Leave it to man to improve upon mother nature. Sure, she’s got trees of every shape color and size, they rustle in the breeze, and produce life-giving oxygen, but can her trees produce jet fuel? Now, ours can:
Over at Columbia University, professor Klaus S. Lackner has one-upped the natural world by coming up with a synthetic tree that can absorb carbon dioxide 1000 times faster than “old-style” trees and hundreds of times faster than windmill generators.
The “tree” uses plastic leaves that capture the carbon dioxide in a chamber. The carbon dioxide is then compressed into liquid form. The tree captures the carbon without the need for direct sunlight, which means that, unlike traditional trees, the synthetic trees can be stored in enclosed places such as barns, used anywhere, and transported from one site to another regardless of conditions.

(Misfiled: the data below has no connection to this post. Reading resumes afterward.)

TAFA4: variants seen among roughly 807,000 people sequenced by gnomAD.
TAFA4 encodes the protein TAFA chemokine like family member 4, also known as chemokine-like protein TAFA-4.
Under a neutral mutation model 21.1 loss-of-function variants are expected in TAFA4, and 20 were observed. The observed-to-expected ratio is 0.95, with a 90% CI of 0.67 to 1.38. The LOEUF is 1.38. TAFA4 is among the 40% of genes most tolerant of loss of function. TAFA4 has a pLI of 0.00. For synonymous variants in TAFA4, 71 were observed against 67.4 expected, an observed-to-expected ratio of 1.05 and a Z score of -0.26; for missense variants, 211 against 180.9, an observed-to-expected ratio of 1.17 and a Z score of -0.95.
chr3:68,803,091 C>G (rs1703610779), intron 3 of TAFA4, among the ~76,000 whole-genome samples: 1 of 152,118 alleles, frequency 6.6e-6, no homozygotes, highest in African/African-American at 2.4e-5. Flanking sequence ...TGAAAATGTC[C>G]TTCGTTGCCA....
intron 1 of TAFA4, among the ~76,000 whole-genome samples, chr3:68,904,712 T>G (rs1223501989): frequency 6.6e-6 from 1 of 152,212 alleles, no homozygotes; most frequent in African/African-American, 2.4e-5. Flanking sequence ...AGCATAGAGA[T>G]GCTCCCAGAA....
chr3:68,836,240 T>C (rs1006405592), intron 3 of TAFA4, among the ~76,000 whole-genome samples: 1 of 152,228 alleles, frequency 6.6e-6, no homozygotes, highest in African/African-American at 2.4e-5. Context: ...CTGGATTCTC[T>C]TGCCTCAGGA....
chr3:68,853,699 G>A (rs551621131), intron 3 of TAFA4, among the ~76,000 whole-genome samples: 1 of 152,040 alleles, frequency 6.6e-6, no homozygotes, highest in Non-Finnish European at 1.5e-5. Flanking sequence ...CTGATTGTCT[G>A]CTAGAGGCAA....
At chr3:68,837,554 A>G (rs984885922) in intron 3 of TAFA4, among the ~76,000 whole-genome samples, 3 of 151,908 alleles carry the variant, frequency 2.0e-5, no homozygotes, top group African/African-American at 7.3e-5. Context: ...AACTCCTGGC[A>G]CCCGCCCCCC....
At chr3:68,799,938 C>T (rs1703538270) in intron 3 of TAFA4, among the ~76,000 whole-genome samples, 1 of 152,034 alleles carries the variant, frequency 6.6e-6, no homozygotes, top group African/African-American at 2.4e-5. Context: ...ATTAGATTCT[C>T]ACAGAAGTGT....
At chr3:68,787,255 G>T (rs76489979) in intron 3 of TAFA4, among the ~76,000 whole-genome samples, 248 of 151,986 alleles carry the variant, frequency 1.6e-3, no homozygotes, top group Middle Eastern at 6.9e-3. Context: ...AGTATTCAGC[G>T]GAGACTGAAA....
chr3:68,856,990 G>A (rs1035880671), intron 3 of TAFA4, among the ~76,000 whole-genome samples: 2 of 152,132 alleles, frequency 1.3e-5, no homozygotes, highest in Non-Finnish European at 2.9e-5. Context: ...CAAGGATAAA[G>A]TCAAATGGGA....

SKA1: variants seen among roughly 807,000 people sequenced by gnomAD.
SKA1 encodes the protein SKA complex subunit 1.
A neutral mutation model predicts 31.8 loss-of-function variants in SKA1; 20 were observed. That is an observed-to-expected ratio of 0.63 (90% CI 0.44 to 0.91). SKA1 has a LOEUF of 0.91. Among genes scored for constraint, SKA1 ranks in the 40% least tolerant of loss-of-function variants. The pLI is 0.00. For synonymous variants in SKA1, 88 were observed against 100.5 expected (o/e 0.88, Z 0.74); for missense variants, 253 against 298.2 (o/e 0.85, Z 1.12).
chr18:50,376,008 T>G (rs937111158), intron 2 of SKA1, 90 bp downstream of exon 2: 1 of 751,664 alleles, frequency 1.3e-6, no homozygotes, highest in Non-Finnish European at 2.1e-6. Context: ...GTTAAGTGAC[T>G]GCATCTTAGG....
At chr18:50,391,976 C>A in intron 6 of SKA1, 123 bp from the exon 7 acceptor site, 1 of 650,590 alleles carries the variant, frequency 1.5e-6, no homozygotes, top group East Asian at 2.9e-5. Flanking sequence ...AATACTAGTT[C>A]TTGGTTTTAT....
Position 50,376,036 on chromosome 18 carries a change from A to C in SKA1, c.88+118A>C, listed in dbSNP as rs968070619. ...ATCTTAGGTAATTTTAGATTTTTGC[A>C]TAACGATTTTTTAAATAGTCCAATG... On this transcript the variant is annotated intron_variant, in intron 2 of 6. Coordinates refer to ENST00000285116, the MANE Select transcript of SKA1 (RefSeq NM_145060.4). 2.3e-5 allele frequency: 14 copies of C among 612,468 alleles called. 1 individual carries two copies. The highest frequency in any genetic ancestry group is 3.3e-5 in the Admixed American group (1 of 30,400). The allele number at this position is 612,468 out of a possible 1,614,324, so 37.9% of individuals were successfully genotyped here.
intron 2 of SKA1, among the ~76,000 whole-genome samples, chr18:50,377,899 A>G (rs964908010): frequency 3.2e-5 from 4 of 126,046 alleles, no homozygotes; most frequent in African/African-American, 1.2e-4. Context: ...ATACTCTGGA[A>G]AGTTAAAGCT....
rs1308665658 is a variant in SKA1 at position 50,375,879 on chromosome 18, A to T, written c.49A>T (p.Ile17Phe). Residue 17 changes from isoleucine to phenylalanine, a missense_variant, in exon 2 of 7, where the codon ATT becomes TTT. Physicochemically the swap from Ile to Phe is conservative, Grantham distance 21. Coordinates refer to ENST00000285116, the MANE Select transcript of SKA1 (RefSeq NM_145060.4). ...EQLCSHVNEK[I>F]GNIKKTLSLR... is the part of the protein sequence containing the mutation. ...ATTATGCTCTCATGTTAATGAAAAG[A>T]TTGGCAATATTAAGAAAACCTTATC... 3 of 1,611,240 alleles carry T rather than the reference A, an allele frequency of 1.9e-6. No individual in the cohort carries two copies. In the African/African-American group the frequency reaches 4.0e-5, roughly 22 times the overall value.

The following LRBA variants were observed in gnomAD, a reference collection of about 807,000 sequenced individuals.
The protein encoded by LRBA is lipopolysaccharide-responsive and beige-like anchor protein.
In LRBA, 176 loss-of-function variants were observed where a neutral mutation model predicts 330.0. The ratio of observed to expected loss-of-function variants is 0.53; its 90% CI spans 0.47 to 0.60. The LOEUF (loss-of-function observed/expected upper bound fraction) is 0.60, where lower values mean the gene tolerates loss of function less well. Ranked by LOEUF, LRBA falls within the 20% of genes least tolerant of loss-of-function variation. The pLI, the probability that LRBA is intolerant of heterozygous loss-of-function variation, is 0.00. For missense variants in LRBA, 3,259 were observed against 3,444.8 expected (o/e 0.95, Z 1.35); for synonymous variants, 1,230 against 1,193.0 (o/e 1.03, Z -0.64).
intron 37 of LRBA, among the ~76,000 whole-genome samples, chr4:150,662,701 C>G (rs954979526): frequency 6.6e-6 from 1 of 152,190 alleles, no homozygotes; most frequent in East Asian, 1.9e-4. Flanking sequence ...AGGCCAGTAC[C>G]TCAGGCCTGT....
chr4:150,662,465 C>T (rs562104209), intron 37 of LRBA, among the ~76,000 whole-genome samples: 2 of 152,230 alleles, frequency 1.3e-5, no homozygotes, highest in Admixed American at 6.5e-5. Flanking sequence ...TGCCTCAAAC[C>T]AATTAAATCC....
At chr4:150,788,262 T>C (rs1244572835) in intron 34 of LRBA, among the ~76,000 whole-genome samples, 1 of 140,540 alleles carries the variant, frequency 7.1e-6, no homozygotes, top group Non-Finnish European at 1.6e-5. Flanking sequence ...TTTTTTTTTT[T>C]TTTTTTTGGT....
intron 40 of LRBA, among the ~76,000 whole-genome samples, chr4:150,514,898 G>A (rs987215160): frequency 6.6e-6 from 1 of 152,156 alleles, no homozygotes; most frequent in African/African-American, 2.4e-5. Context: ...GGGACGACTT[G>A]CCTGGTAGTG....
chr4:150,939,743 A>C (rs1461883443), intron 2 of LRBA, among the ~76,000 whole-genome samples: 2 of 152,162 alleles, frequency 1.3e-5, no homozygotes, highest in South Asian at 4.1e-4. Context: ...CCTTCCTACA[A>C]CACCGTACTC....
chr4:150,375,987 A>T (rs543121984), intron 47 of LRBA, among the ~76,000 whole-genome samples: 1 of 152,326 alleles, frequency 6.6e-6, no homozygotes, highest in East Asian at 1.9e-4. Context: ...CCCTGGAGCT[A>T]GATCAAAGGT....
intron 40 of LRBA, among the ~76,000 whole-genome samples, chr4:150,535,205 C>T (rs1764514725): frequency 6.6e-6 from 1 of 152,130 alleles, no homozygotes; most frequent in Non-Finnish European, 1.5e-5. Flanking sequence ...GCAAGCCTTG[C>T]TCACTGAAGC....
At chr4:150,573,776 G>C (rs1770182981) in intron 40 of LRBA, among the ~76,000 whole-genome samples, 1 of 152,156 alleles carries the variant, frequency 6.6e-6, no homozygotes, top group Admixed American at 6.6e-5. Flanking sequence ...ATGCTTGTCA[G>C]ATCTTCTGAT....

Lackner says the captured CO2 could be used to create fuel for jet engines and cars, the two most common carbon emitters. In other cases, the CO2 could be used to enhance current production of vegetable produce.
The “trees” are similar to devices used to capture carbon from the flue stacks of carbon power plants, but the major difference is that these new trees capture ambient carbon from the environment at all times.
One thing this achievement highlights is how environmental problems can be solved by the free market. Rather than passing laws that simply mandate industry use less energy or emit less carbon dioxide, creating an effective way to reuse energy and create cheaper fuels is likely to result in systemic changes in the way energy and pollution are dealt with. With these “trees” the perception of emissions from naughty pollution to the wastefulness. Why freely emit carbon dioxide into the atmosphere when we can re-purpose it for cost-effective fuels?